Congress established a four-part test that defines qualified research activities associated with new and improved product and process development to exclude routine engineering.
Technological in Nature
Activities must be based on a hard science such as physics, biology, chemistry and computer sciences. The activity cannot be based on the soft sciences which include psychology, humanities, arts or social sciences.
Designs related to the development activities must have inherent risks or uncertainties associated with their potential for success.
Process of Experimentation
This test, intended to exclude routine engineering, requires a process of theoretical or physical evaluation that can result in the development of design alternatives.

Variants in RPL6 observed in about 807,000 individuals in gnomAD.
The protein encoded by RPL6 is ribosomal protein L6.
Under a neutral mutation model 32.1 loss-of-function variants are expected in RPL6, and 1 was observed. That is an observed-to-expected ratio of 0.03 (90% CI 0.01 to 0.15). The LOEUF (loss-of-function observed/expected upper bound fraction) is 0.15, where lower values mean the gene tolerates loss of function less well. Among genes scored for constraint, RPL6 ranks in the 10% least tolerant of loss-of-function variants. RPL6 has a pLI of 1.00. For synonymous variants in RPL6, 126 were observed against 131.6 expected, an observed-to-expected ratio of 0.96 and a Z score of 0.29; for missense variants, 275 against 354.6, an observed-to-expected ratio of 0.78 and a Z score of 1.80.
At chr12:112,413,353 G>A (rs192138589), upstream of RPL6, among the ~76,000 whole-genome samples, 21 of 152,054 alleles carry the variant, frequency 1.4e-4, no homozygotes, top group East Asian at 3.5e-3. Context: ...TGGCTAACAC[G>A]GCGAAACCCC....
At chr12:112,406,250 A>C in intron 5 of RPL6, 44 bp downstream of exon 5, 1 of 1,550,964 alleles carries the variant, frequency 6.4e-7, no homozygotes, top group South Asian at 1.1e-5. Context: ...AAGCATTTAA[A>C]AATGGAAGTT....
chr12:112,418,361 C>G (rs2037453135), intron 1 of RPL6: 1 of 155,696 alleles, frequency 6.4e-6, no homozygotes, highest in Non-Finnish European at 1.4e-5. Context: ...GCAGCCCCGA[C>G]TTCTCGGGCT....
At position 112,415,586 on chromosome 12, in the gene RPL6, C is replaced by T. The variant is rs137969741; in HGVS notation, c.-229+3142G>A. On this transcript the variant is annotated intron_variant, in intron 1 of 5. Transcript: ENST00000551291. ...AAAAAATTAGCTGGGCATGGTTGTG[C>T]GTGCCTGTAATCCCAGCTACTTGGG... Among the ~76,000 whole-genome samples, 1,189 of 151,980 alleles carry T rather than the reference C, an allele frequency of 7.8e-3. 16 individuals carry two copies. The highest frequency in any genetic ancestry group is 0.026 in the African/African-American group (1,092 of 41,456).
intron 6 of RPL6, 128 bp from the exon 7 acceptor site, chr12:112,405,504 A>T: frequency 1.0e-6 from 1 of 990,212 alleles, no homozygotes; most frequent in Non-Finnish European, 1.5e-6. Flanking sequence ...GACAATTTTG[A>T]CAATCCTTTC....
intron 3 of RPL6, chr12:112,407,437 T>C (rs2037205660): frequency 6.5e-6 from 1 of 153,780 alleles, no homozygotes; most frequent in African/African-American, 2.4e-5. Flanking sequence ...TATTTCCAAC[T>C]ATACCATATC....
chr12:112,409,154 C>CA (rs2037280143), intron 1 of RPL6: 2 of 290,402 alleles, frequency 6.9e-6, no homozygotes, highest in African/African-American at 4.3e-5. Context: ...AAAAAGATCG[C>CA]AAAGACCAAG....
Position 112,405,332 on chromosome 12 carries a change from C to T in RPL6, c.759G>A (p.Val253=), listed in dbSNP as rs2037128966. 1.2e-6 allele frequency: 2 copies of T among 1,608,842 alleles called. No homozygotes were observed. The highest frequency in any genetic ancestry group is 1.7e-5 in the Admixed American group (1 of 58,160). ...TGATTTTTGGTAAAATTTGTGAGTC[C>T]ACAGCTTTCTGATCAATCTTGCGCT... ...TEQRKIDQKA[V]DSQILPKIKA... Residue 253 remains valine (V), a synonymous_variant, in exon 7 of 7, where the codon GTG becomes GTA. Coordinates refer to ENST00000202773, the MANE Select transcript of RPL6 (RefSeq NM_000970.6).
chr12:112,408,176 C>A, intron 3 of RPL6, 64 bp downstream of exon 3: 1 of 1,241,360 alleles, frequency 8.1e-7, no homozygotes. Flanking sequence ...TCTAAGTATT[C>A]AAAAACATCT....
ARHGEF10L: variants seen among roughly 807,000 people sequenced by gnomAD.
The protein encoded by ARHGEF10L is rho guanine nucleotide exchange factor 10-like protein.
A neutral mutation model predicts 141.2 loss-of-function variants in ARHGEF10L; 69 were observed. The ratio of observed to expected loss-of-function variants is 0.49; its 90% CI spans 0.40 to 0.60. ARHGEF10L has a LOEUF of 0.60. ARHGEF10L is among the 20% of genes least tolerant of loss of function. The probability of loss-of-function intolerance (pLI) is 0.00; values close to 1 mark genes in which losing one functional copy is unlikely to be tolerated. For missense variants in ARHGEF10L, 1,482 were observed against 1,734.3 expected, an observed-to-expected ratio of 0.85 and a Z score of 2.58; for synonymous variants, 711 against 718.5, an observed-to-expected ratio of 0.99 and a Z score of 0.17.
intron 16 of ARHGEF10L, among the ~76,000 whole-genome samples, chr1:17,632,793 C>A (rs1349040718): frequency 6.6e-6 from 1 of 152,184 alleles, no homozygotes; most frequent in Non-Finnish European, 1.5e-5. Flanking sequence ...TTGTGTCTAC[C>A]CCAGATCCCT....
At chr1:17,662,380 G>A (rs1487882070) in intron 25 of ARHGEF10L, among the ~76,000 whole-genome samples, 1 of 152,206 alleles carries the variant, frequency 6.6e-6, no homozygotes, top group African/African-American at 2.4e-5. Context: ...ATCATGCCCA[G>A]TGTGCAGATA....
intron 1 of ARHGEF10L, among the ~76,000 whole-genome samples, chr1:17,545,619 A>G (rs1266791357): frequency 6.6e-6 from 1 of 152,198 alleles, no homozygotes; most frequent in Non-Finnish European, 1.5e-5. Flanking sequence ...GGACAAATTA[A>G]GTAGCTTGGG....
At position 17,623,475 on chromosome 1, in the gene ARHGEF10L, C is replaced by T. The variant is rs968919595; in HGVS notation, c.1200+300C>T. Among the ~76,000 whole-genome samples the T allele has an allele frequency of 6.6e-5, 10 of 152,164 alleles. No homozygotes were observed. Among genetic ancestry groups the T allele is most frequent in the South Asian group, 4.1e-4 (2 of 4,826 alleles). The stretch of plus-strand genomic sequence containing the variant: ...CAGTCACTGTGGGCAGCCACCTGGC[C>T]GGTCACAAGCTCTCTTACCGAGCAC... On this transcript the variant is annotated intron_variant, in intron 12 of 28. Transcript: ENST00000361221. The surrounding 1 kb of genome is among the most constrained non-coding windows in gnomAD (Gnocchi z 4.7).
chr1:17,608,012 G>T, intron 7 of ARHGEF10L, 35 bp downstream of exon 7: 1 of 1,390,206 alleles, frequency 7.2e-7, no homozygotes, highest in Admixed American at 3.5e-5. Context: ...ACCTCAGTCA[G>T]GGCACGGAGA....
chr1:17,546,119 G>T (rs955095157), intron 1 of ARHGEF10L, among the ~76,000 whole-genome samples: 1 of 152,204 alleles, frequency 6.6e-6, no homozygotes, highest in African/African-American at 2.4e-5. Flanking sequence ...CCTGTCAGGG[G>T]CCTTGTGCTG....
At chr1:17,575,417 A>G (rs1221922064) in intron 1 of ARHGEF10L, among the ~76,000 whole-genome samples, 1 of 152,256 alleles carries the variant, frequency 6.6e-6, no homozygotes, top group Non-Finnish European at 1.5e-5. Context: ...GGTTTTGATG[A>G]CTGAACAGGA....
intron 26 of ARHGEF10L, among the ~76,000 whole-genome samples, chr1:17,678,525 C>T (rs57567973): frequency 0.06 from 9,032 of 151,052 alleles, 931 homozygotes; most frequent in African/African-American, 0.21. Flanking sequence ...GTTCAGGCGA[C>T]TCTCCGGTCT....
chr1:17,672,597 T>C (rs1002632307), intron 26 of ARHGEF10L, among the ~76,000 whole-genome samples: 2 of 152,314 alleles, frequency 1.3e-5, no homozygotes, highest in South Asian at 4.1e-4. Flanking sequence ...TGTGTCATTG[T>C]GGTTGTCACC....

The goal of the activity must be to improve the fit, form, or function of a product or process. This does not include development directly related to aesthetic changes or technology that does not build on a company’s knowledge base.
Indicators of Qualified Research
The Research & Experimentation Tax Credit rewards efforts related to product/process development, product enhancement, process improvement, and software development. Typical indicators of qualified research include:
Degreed engineers or scientists on staff
Operates in a manufacturing industry
Patentable products or production methods
Has new/continuous improvements to products and/or processes
Operates in industry where prototyping is common
Is awarded government R&D projects, from program such as: SBIR, STTR
Engages in Continuous Quality Improvement efforts
Manufactures simple products in a highly automated system
Creates high warranty costs due to improper product/process design
Develops software using new algorithms, techniques or architectures
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